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Johnson jukes Stewart late, wins second race in row

3/18/2007 - NASCAR

HAMPTON, Ga. -- Jimmie Johnson already has his eye on the
big prize.

The reigning NASCAR Nextel Cup champion passed Tony Stewart
three laps from the end Sunday at Atlanta Motor Speedway and went
on to win his second straight race.

"We're thinking championship already," said Johnson, only four
races into the 36-race season. "That's really the mode anymore.
You have to think about points and being in the top 12 all the
time."

Johnson had the car to beat Sunday, leading 132 of the first 238
laps. But the only laps he led the rest of the way in the 325-lap
event on Atlanta's 1.5-mile oval were the last three.

The 25th victory of his Cup career moved Johnson within 28
points of current series leader Mark Martin, who plans on skipping
next week's race at Bristol and the race the following week at
Martinsville.

That would leave Johnson just 20 points behind Hendrick
Motorsports teammate Jeff Gordon and 17 behind Jeff Burton going
into Bristol, the fifth of the 26 races that will determine the 12
drivers in the Chase for the championship.

"Right now, it's easy to feel good about things and there no
doubt that the championship is what's on our minds," Johnson said.
"When you come into the sport, you focus on victories and top 10
and now the Chase is a big mark for the teams to make.

"But, after you win a championship, I think it changes you a
little bit and that's what you really focus on and what you want to
do again and again. Since we came into '07, the team meetings and
discussions, everything is about trying to win another
championship. Right now things are going good and we're doing the
right things, but it's way too early to get too excited."

Johnson, who overcame a penalty in the pits at Las Vegas to beat
Gordon the previous week, had some problems with tire wear late in
Sunday's Kobalt Tools 500.

Stewart, a two-time Cup champion, appeared on the way to his
first victory of the year after coming off pit lane ahead of Matt
Kenseth and third-place Johnson after the f inal stops by the
leaders during a caution flag on lap 311.

After the green flag waved with 11 laps to go, Johnson took just
three laps to get past Kenseth, then took off after Stewart in the
duel of Chevrolets.

Johnson pulled side-by-side with Stewart just past the finish
line on lap 322. Johnson then got his nose out ahead and, as the
two cars drove through turn two, Stewart scraped the wall.

Johnson easily led lap 323 and continued to pull away from
Stewart, going on to win by about half the front straightaway. He
credited crew chief Chad Knaus for making some key adjustments on
the last pit stop.

"At the end, when it came time to race for checkered, Chad made
some great adjustments to help me on the short run," Johnson said.
"That's the one thing I was lacking compared to the 20 (Stewart).
At the beginning of a run he had a little more grip and could drive
a little harder.

"At the end, I can't say that I've driven a race car that hard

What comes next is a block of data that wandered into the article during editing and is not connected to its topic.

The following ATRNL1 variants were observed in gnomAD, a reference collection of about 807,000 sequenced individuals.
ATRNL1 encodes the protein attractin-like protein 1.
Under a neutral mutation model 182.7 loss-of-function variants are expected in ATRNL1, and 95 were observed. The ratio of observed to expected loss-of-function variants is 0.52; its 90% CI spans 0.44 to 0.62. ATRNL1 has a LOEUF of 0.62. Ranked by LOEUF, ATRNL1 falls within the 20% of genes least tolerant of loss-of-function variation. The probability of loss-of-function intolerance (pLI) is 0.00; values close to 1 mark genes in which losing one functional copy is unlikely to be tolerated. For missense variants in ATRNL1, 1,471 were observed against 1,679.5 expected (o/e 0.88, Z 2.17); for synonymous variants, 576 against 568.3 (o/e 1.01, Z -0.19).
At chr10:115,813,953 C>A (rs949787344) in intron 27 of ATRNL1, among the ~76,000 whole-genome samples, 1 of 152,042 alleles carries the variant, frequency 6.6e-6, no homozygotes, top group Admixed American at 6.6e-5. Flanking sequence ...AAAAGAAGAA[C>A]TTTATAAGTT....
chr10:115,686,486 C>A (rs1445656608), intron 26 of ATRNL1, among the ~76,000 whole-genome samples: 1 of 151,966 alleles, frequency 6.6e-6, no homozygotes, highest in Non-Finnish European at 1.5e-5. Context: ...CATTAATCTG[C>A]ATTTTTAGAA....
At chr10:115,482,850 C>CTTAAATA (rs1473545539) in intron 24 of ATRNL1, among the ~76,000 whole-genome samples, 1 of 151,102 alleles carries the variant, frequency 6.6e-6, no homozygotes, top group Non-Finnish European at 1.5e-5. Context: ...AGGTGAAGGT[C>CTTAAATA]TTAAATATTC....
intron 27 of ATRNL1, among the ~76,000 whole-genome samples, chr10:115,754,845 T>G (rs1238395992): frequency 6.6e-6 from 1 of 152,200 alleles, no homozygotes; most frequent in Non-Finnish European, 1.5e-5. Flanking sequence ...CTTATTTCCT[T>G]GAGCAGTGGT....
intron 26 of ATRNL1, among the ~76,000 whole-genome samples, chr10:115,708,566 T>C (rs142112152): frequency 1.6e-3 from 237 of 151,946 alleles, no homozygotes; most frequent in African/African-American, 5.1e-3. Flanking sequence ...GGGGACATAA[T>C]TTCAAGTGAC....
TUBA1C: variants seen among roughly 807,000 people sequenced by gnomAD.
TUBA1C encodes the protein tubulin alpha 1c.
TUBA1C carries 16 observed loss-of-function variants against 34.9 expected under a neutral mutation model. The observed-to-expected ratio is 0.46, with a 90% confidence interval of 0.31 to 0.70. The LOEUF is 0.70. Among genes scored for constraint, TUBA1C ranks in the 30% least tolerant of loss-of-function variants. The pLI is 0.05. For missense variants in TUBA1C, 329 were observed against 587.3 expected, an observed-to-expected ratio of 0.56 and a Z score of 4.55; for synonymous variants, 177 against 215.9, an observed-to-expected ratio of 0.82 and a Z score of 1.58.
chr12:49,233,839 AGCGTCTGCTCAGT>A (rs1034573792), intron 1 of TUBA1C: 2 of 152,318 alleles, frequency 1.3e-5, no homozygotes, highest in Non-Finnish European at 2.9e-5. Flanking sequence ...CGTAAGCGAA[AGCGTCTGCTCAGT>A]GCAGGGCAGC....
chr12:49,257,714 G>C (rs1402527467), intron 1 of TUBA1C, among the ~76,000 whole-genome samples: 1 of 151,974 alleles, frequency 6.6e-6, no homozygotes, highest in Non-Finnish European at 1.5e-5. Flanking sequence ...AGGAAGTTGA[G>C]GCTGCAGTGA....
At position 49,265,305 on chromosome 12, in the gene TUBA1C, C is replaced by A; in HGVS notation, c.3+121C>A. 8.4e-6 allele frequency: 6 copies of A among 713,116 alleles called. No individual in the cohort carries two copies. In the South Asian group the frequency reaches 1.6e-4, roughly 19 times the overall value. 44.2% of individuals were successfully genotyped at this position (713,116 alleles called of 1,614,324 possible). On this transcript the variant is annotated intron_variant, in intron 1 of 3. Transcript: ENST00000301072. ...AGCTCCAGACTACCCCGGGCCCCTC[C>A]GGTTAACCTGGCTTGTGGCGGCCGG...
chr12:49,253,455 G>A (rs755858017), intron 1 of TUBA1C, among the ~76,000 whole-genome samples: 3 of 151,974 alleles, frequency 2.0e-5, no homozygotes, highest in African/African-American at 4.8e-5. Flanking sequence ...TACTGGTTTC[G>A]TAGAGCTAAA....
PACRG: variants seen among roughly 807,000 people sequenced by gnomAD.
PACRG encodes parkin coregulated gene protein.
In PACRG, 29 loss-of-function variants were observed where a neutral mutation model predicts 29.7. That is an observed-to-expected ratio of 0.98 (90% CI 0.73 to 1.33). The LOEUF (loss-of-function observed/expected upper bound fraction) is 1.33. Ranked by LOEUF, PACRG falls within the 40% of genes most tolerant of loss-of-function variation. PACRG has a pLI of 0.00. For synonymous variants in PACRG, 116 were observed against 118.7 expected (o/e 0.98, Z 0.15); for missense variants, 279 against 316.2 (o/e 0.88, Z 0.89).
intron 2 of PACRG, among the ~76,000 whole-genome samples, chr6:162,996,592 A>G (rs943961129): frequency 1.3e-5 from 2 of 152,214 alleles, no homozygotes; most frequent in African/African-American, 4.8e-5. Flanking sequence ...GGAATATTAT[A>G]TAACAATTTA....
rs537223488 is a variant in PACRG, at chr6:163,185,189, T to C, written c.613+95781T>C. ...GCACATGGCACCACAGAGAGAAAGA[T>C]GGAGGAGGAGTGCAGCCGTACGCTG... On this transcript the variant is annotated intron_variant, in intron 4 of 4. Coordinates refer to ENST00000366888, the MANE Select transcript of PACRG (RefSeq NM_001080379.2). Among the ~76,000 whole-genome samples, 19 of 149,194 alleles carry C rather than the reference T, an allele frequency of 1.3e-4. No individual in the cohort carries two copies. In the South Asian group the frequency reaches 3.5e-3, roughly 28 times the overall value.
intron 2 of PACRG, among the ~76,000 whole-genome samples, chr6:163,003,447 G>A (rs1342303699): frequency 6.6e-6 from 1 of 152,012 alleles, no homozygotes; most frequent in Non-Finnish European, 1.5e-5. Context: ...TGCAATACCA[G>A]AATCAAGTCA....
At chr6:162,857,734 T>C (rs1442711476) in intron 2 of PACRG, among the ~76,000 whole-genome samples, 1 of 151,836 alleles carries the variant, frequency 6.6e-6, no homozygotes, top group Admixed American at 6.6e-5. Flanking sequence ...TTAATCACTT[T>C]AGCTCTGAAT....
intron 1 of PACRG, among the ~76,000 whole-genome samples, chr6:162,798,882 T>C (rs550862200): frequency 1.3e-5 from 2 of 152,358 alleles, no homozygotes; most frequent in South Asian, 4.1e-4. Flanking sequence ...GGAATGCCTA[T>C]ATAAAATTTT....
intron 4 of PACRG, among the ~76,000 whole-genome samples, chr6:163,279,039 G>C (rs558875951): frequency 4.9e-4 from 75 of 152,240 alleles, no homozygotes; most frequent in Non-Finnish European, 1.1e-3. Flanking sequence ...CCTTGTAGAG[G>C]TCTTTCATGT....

before. It really was challenging internally in my own head to
drive that hard to chase Tony down and get by him. That was just a
great, great race."

Stewart, who overcame a long pit stop in the early going when
one of his crewmen dropped a lugnut, led 121 laps and was happy
with second place. But he wasn't particularly happy with Johnson.

"I wish he had at least given us room to race for it," Stewart
said. "But we gained some points today and that's what this team
needed."

Johnson apologized, saying he wished he had given Stewart more
room.

"Tony had a good run on the inside coming off the corner and
when I heard he was coming it was just too late for me to adjust,"
the winner said. "I certainly squeezed him into the wall and
didn't leave him a lot of room, but it wasn't intentional."

Kenseth wound up third, followed by Jeff Burton and heralded
rookie Juan Pablo Montoya, who barely held off Clint Bowyer to
record his first top 10 and by far his best finish in five Cup
starts.

"I'm getting the handle of it," said Montoya, who also won a
Busch Series race on a road course in Mexico City several weeks ago
and got as high as third in Sunday's race before slipping a bit at
the end.

Martin, who finished 10th, remained in the lead by eight points
over Gordon, who overcame a tire problem and a lost lap to finish
12th. Burton remained third, 11 points behind, and Johnson stayed
in fourth, moving to 28 points back.

But longtime NASCAR star Martin switched teams this year in
order to cut back to a partial Cup schedule and has said he will
sit out the next two races, despite leading the points.

"Somebody told me I was still leading the points," the
48-year-old Martin said, grinning. "I don't really know, but that
will be gone after next week. At least we can say we were leading
when we took a break."

The Bristol race next Sunday will also be the debut of NASCAR's
new Car of Tomorrow, which could throw a wild card into the mix,
depending on which teams figure out of the all-new, bigger and
boxier car first.